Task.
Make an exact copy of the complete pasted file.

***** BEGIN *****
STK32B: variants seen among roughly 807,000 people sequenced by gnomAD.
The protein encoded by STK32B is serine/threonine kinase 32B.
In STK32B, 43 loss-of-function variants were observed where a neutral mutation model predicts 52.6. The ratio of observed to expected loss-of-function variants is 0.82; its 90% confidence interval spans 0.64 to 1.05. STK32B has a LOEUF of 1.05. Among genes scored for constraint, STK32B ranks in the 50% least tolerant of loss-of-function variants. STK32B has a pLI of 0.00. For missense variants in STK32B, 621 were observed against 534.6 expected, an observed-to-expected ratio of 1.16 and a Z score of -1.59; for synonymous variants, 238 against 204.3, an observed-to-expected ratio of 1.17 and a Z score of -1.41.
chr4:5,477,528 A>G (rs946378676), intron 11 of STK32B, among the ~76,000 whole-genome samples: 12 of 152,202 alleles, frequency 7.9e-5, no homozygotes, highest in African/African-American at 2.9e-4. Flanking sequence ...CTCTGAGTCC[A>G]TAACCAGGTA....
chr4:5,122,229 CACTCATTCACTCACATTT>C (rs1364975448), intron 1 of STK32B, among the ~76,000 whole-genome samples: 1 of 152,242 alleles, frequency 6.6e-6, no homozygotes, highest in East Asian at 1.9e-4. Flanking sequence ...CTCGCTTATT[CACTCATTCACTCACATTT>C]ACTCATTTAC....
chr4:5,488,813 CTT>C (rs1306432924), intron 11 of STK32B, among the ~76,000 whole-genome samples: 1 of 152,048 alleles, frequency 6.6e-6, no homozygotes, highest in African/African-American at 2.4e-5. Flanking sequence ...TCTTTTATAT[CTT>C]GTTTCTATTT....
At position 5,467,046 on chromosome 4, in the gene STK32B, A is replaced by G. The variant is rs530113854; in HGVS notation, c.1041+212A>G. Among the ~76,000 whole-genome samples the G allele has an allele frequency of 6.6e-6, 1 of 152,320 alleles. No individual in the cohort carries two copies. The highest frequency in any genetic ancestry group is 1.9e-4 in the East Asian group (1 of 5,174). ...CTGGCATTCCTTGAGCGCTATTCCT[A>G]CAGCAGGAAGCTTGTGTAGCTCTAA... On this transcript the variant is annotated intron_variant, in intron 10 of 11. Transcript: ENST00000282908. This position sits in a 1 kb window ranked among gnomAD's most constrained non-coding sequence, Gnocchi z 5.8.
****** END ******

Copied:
STK32B: variants seen among roughly 807,000 people sequenced by gnomAD.
The protein encoded by STK32B is serine/threonine kinase 32B.
In STK32B, 43 loss-of-function variants were observed where a neutral mutation model predicts 52.6. The ratio of observed to expected loss-of-function variants is 0.82; its 90% confidence interval spans 0.64 to 1.05. STK32B has a LOEUF of 1.05. Among genes scored for constraint, STK32B ranks in the 50% least tolerant of loss-of-function variants. STK32B has a pLI of 0.00. For missense variants in STK32B, 621 were observed against 534.6 expected, an observed-to-expected ratio of 1.16 and a Z score of -1.59; for synonymous variants, 238 against 204.3, an observed-to-expected ratio of 1.17 and a Z score of -1.41.
chr4:5,477,528 A>G (rs946378676), intron 11 of STK32B, among the ~76,000 whole-genome samples: 12 of 152,202 alleles, frequency 7.9e-5, no homozygotes, highest in African/African-American at 2.9e-4. Flanking sequence ...CTCTGAGTCC[A>G]TAACCAGGTA....
chr4:5,122,229 CACTCATTCACTCACATTT>C (rs1364975448), intron 1 of STK32B, among the ~76,000 whole-genome samples: 1 of 152,242 alleles, frequency 6.6e-6, no homozygotes, highest in East Asian at 1.9e-4. Flanking sequence ...CTCGCTTATT[CACTCATTCACTCACATTT>C]ACTCATTTAC....
chr4:5,488,813 CTT>C (rs1306432924), intron 11 of STK32B, among the ~76,000 whole-genome samples: 1 of 152,048 alleles, frequency 6.6e-6, no homozygotes, highest in African/African-American at 2.4e-5. Flanking sequence ...TCTTTTATAT[CTT>C]GTTTCTATTT....
At position 5,467,046 on chromosome 4, in the gene STK32B, A is replaced by G. The variant is rs530113854; in HGVS notation, c.1041+212A>G. Among the ~76,000 whole-genome samples the G allele has an allele frequency of 6.6e-6, 1 of 152,320 alleles. No individual in the cohort carries two copies. The highest frequency in any genetic ancestry group is 1.9e-4 in the East Asian group (1 of 5,174). ...CTGGCATTCCTTGAGCGCTATTCCT[A>G]CAGCAGGAAGCTTGTGTAGCTCTAA... On this transcript the variant is annotated intron_variant, in intron 10 of 11. Transcript: ENST00000282908. This position sits in a 1 kb window ranked among gnomAD's most constrained non-coding sequence, Gnocchi z 5.8.